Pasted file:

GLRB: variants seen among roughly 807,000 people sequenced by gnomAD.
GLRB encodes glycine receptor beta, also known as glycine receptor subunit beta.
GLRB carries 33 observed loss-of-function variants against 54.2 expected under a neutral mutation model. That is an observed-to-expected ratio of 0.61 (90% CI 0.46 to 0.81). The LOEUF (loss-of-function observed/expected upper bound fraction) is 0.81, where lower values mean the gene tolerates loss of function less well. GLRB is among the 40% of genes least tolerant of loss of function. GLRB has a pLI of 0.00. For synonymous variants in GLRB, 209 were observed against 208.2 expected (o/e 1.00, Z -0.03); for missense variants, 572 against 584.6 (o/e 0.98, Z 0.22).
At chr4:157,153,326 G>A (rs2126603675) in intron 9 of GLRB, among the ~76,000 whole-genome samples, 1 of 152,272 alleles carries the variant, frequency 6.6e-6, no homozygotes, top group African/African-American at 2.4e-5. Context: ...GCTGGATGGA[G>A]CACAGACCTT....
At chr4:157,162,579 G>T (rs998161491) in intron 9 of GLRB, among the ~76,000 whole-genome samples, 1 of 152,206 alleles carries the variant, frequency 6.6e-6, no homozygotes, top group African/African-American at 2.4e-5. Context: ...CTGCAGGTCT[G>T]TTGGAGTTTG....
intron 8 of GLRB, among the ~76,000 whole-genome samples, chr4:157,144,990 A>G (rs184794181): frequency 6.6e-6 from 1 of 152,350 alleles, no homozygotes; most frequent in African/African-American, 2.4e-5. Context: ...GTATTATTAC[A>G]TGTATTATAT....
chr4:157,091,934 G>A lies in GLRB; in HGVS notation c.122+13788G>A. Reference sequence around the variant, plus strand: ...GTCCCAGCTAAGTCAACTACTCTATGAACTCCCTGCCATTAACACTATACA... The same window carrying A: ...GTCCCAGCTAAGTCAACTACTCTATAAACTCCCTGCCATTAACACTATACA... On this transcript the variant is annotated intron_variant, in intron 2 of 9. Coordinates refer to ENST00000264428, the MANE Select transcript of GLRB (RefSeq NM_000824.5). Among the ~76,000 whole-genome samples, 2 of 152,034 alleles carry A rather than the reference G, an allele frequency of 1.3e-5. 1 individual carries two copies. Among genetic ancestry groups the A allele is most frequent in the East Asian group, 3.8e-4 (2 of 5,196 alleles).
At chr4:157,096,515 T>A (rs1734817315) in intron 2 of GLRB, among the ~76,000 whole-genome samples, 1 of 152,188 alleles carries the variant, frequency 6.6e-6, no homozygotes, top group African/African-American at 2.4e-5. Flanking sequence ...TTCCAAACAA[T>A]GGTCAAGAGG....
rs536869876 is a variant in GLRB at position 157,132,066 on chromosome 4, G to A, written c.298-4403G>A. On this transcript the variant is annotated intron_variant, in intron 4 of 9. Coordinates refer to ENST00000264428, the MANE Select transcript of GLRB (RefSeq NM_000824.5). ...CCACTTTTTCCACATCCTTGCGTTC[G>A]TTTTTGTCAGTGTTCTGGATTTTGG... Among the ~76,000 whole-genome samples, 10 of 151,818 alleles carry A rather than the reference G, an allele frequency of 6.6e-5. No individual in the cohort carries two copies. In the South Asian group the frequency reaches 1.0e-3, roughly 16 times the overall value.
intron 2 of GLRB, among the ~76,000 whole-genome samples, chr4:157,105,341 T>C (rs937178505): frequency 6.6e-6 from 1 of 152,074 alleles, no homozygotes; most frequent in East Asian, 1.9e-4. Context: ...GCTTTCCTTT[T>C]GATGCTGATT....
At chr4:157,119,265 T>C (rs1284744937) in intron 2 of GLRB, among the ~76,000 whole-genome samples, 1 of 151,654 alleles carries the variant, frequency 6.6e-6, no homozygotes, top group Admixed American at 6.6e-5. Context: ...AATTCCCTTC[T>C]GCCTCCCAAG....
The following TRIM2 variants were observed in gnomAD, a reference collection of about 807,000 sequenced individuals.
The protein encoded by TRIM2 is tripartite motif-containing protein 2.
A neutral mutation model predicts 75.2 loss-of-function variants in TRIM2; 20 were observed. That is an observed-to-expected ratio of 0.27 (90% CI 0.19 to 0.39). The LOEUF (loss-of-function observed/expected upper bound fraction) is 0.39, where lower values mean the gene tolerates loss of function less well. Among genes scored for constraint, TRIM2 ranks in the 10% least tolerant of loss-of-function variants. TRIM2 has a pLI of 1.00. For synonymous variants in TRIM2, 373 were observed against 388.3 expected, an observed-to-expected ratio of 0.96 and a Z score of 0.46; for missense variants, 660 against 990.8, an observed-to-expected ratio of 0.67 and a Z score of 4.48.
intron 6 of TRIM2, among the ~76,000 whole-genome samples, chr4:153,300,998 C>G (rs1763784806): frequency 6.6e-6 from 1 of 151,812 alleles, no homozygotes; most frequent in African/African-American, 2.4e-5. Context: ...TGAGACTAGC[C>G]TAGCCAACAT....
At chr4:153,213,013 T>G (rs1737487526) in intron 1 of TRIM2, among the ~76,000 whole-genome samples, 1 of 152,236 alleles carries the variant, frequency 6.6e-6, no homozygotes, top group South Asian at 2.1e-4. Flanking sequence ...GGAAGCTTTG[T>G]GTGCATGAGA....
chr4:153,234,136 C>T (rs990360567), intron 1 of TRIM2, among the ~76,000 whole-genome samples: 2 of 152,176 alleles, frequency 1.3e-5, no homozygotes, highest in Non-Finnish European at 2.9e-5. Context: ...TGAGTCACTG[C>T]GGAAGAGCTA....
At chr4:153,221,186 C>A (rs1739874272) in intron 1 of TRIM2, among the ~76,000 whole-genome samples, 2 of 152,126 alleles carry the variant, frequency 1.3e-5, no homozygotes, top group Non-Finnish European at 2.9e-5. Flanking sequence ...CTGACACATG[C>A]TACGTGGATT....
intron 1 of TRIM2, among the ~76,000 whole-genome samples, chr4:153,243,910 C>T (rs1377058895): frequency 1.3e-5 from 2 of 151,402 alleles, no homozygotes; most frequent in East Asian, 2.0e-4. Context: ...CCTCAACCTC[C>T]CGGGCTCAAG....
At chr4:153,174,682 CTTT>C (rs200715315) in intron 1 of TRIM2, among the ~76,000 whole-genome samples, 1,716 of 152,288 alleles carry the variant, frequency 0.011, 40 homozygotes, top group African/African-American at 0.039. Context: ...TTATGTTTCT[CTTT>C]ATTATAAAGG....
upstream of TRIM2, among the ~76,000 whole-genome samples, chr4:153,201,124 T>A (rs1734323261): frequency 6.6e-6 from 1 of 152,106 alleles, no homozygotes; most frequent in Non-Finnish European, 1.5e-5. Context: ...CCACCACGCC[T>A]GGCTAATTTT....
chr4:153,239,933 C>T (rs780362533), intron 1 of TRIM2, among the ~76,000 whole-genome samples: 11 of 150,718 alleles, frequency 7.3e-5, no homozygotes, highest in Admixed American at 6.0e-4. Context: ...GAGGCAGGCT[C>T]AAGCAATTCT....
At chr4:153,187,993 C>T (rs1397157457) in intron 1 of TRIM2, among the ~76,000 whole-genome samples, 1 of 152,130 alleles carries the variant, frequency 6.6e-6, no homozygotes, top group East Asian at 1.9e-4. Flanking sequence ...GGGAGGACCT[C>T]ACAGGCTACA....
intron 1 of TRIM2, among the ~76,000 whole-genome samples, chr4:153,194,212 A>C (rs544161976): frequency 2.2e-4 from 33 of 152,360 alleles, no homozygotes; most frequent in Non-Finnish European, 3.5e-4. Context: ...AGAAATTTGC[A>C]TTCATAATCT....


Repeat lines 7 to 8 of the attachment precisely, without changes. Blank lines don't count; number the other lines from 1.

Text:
chr4:157,091,934 G>A lies in GLRB; in HGVS notation c.122+13788G>A. Reference sequence around the variant, plus strand: ...GTCCCAGCTAAGTCAACTACTCTATGAACTCCCTGCCATTAACACTATACA... The same window carrying A: ...GTCCCAGCTAAGTCAACTACTCTATAAACTCCCTGCCATTAACACTATACA... On this transcript the variant is annotated intron_variant, in intron 2 of 9. Coordinates refer to ENST00000264428, the MANE Select transcript of GLRB (RefSeq NM_000824.5). Among the ~76,000 whole-genome samples, 2 of 152,034 alleles carry A rather than the reference G, an allele frequency of 1.3e-5. 1 individual carries two copies. Among genetic ancestry groups the A allele is most frequent in the East Asian group, 3.8e-4 (2 of 5,196 alleles).
At chr4:157,096,515 T>A (rs1734817315) in intron 2 of GLRB, among the ~76,000 whole-genome samples, 1 of 152,188 alleles carries the variant, frequency 6.6e-6, no homozygotes, top group African/African-American at 2.4e-5. Flanking sequence ...TTCCAAACAA[T>A]GGTCAAGAGG....